The second total lunar eclipse of the year was visible in Greencastle in the early morning hours Tuesday, August 28. The Earth's shadow crept across the moon's surface, slowly eclipsing it and turning it to shades of red and orange.
Hoosiers were able to view the event beginning around 4:50 a.m. By 5:52 a.m. the moon was completely covered by the earth's shadow. And, by 7:17 a.m. the moon set and the sun was rising.
An eclipse occurs when the Earth passes between the sun and the moon, blocking the sun's light. It's rare because the moon is usually either above or below the plane of Earth's orbit.
During the full eclipse, the moon isn't completely dark because some light still reaches it around the edges of the Earth. The light is refracted as it passes through the atmosphere, scattering blue light and sending reddish light onto the moon.
Since the Earth is bigger than the moon, the process of the Earth's shadow covers more and more of the moon, totally eclipsing it before the shadow recedes, An eclipse lasts about 3 1/2 hours according to Doug Duncan, director of the University of Colorado's Fiske Planetarium. The total eclipse phase, in which the moon has an orange or reddish glow, lasts about 1 1/2 hours.
The full eclipse was visible across the United States, but East Coast residents only had about a half-hour to see it before the sun began to rise and the moon set. Viewers in the West got the full show.
Greencastle Middle School science teachers Randy Hayes, Gary VanMiddlesworth and Stacie Stoffregen encouraged students to get up early to watch the event. VanMiddlesworth talked with his students about the eclipse but felt since kids would have to get up before 6 a.m. to view it, not many would see it.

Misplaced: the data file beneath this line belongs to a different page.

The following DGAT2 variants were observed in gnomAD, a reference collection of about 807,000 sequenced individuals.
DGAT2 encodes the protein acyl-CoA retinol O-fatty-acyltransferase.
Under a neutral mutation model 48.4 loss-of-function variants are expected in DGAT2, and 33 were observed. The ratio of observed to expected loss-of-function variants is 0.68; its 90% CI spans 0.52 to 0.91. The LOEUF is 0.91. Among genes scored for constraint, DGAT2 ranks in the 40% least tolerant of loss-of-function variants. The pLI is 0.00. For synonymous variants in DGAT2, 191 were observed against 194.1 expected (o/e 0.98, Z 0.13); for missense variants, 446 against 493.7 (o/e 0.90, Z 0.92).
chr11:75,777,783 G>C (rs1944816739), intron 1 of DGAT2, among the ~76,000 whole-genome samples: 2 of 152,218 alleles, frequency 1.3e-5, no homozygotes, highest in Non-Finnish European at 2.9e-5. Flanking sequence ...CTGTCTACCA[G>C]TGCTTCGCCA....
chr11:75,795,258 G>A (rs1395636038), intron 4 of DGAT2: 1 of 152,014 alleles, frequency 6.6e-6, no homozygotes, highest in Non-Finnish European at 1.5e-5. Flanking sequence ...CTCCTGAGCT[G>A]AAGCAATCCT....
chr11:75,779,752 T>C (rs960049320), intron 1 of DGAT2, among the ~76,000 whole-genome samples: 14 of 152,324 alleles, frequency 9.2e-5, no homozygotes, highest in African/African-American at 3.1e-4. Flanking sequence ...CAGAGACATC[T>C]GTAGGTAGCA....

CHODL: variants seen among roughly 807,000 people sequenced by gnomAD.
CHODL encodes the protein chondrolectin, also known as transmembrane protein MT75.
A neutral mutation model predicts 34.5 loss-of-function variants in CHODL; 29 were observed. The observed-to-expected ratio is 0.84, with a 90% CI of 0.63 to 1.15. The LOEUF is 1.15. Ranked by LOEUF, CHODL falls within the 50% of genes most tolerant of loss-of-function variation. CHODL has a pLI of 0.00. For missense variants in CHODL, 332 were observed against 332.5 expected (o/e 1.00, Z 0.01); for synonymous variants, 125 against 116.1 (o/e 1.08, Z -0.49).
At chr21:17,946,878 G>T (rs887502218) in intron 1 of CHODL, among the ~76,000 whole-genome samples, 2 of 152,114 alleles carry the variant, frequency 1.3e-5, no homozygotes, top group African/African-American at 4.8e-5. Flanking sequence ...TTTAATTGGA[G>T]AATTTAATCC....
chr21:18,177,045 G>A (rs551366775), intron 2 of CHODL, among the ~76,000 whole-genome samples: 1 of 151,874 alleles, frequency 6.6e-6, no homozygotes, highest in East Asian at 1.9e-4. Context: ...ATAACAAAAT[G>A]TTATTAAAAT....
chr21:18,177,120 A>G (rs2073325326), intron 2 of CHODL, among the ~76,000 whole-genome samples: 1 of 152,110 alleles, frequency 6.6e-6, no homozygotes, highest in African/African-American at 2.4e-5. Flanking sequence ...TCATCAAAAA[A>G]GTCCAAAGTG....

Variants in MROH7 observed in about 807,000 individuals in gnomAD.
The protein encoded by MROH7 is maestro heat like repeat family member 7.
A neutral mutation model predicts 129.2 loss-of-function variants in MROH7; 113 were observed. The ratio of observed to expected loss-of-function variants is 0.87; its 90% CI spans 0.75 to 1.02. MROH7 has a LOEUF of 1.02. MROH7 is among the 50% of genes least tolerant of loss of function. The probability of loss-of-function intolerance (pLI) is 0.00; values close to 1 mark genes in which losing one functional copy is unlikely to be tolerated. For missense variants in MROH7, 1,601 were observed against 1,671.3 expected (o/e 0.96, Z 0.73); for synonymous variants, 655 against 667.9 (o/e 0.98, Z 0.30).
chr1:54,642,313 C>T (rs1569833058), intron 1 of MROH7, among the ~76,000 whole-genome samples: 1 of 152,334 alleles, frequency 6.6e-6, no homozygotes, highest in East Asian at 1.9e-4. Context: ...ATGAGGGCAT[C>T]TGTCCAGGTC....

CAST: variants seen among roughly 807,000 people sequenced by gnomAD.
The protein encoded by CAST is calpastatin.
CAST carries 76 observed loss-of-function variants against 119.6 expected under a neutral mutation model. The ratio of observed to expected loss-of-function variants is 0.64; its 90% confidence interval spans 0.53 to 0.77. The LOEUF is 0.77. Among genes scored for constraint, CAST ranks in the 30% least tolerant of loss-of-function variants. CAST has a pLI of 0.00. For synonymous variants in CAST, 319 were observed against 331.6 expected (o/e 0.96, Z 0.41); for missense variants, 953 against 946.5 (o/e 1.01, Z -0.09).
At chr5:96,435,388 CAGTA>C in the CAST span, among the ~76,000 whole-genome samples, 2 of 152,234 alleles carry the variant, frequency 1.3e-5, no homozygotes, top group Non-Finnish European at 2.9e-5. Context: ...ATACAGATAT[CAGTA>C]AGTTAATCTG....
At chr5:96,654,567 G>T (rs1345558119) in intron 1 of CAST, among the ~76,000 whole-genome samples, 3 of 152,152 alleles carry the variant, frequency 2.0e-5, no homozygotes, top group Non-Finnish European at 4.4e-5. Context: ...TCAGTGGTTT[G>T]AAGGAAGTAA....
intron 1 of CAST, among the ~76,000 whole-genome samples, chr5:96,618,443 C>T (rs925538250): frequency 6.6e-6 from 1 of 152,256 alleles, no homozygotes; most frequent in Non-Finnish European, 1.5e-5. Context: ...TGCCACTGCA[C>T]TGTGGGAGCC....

"Another factor is that it will be so low in the west that you will have to find an open spot to see the moon," he added. "Still, I'm hoping that some of them will take the trouble to try to catch a glimpse." Hayes posted the time and place of the eclipse on his "facts for the day." He said that because the eclipse is not as observable this time (as the earlier one on March 3) he told his students if they were up in the early morning hours "to look up."
Stoffregen's class on science topics is researching the eclipse and class members were also encouraged to rise early and watch the event.
Eclipses have long been harbingers of doom or evil in mythology. Lunar eclipses are no exception - mostly involving the moon swallowed up by gods, demons or other creatures.
According to some records, several cultures believed that animals devoured the moon and that people could also be eaten. The Central American Maya believed that a jaguar ate the moon and could devour people, too. To the Mongols it was a dragon named Alkha.
During the time of the Pharaohs in ancient Egypt, lunar eclipses were bad omens. The moon ruled the stars. Some ancient texts describe the entire sky as swallowing the moon during every eclipse.
Christopher Columbus used a lunar eclipse to save his ship's crew during his last voyage to America in 1503. According the book "Eclipse" by Bryan Brewer, while Columbus was stranded on the island of Jamaica, the native Indians refused to give them any food. Columbus knew that a total eclipse of the moon would occur on February 29, 1504. He told the Indians that God was angry with them for not feeding his crew. To demonstrate his anger God would make the moon disappear.
It did, and when the locals saw the eclipse ending, Columbus told them that God had forgiven them and the moon would return in full. It did, and Columbus and his crew received provisions.
The next total lunar eclipse occurs February 21, 2008 and will be visible in the Americas, Europe and Asia.